The continued fighting in eastern Ukraine and the shelling of civilian neighborhoods seem to be pushing more men to join the separatist fighters. Many of the new recruits are residents of Ukraine made bitter by new grievances, as well as old. VOA's Patrick Wells reports.
Video

Video Islamic State Prisoners Talk of Curiosity, God, Regret

Islamic State fighter, a prisoner of Kurdish YPG forces, asked his family asking for forgiveness: "I destroyed myself and I destroyed them along with me." The Syrian youth was one of two detainees who spoke to VOA’s Kurdish Service about the path they chose; their names have been changed and identifying details obscured. VOA's Zana Omer reports.
Video

Video Germanwings Findings Raise Issue of Psychological Testing for Pilots

More is being discovered about the co-pilot in the crash of Germanwings Flight 9525 in the French Alps. Investigators say he was hiding a medical condition, raising questions about the mental qualifications of pilots. VOA's Carolyn Presutti reports.
Video

Video Hi-tech Motorbike Helmet's Goal: Improve Road Safety

In cities with heavily congested traffic, people can get around much faster on a motorcycle than in a car. But a rider who is not sure of his route may have to stop to look at the map or consult a GPS. A Russian start-up company is working to make navigation easier for motorcyclists. Designers at Moscow-based LiveMap are developing a smart helmet with a built-in navigation system, head-mounted display and voice recognition. Zlatica Hoke has more.
Video

Video DOJ: Illinois National Guard Soldier Tried to Join ISIS

U.S. federal law enforcement agents arrested two suburban Chicago men accused of trying to join ISIS overseas, while also plotting attacks in the United States. As VOA’s Kane Farabaugh reports from the Midwest state of Illinois, one of those arrested is a soldier of the Illinois National Guard.
Video

Video New Wheelchair Is Easier to Use, Increases Mobility

Traditional push-rim wheelchairs create a lot of stress for arm, shoulder and neck muscles and joints. A redesigned chair, based on readily available bicycle technology, radically increases mobility while reducing the physical effort. VOA’s George Putic reports.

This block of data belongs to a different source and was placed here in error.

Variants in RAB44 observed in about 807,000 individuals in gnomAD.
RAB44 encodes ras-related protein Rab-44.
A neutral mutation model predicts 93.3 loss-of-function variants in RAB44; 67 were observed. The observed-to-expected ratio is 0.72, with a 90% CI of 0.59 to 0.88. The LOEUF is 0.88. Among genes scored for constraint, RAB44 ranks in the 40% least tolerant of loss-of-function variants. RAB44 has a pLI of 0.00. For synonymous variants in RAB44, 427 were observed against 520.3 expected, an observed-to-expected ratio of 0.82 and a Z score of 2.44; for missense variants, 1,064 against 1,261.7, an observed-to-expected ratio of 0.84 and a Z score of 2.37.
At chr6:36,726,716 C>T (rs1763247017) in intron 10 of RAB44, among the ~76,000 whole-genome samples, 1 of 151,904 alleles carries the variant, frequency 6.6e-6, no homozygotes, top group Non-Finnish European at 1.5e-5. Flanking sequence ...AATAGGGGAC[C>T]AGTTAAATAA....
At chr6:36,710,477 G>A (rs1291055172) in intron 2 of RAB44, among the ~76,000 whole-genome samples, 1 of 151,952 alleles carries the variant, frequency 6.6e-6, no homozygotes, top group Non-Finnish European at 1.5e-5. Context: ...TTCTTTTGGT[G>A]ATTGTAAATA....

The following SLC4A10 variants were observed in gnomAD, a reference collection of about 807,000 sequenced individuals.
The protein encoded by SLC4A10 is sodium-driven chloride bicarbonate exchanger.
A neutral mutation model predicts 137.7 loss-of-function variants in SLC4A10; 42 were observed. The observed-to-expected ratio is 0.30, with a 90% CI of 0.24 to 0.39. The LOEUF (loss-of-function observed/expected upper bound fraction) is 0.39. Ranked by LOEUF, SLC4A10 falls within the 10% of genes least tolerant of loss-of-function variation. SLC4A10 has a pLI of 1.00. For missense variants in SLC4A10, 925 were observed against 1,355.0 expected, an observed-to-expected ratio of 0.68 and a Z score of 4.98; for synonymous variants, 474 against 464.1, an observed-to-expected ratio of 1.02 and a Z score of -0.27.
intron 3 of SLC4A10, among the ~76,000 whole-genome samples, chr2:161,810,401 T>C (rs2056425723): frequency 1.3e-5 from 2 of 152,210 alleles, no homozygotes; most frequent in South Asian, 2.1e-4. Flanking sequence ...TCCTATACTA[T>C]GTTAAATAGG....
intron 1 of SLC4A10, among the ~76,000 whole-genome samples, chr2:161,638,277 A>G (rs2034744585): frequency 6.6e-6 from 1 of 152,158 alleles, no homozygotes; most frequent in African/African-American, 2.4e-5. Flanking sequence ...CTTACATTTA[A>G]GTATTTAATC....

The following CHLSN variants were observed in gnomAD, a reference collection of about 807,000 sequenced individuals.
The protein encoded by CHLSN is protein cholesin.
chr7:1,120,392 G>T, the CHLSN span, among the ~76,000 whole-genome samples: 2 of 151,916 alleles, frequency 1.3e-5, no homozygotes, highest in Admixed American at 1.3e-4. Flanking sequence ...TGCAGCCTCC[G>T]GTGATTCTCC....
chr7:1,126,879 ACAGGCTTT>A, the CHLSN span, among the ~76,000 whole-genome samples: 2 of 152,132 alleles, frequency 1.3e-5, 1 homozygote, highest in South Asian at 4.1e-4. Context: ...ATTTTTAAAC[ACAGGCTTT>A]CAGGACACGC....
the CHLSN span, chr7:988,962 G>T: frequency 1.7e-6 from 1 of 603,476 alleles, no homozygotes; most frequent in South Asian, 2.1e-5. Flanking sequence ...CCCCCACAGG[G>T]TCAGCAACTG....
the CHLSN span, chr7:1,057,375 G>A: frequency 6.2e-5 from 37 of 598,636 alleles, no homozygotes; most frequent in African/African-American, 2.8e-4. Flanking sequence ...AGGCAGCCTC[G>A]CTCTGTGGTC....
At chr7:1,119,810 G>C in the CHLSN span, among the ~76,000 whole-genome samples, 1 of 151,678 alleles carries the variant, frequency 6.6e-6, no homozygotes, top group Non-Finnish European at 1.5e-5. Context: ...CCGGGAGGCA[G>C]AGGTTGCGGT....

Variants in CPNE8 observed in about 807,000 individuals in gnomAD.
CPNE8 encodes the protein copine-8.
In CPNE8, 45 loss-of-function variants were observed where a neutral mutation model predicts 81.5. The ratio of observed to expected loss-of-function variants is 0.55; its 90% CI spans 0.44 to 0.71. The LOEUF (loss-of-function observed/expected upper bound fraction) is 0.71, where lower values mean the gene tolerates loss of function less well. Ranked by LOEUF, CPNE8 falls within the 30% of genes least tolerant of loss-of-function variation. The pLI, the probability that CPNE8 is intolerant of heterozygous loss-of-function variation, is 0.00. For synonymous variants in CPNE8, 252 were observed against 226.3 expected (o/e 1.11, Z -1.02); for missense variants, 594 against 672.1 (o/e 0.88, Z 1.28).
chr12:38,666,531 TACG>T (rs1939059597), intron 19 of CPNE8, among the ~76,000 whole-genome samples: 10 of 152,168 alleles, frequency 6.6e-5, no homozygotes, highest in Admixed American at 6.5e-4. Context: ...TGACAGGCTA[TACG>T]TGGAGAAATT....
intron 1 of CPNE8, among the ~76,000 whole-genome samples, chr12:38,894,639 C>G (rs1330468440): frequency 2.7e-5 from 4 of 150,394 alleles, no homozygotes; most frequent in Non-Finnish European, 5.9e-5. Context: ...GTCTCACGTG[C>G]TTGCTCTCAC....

Video

Video Liberia's Almost Last Ebola Patient Grateful but Still Grieving

Beatrice Yardolo was to make history as Liberia’s last Ebola patient. Liberians recently started counting down 42 days, the period that has to go by without a single new infection until the World Health Organization can declare a country Ebola-free. That countdown stopped on March 20 when there was another new case of Ebola, making Yardolo’s story a reminder that Ebola is far from over. Benno Muchler reports from Monrovia.
Video

Video Cambodian Land Grabs Threaten Traditional Communities

Indigenous communities in Cambodia's Ratanakiri province say the government’s economic land concession policy is taking away their land and traditional way of life, making many fear that their identity will soon be lost. Local authorities, though, have denied this is the case. VOA's Say Mony went to investigate and filed this report, narrated by Colin Lovett.
Video

Video Space Program Status Disappoints 'Last Man on the Moon'

One of the films that drew big crowds last week at the annual South by Southwest festival in Austin, Texas, tells the story of the last human being to stand on the moon, U.S. astronaut Eugene Cernan. It has been 42 years since Cernan returned from the moon and he laments that no one else has gone there since. VOA’s Greg Flakus reports.

VOA Blogs

Circumventing Censorship

An Internet Primer for Healthy Web Habits

As surveillance and censoring technologies advance, so, too, do new tools for your computer or mobile device that help protect your privacy and break through Internet censorship.
More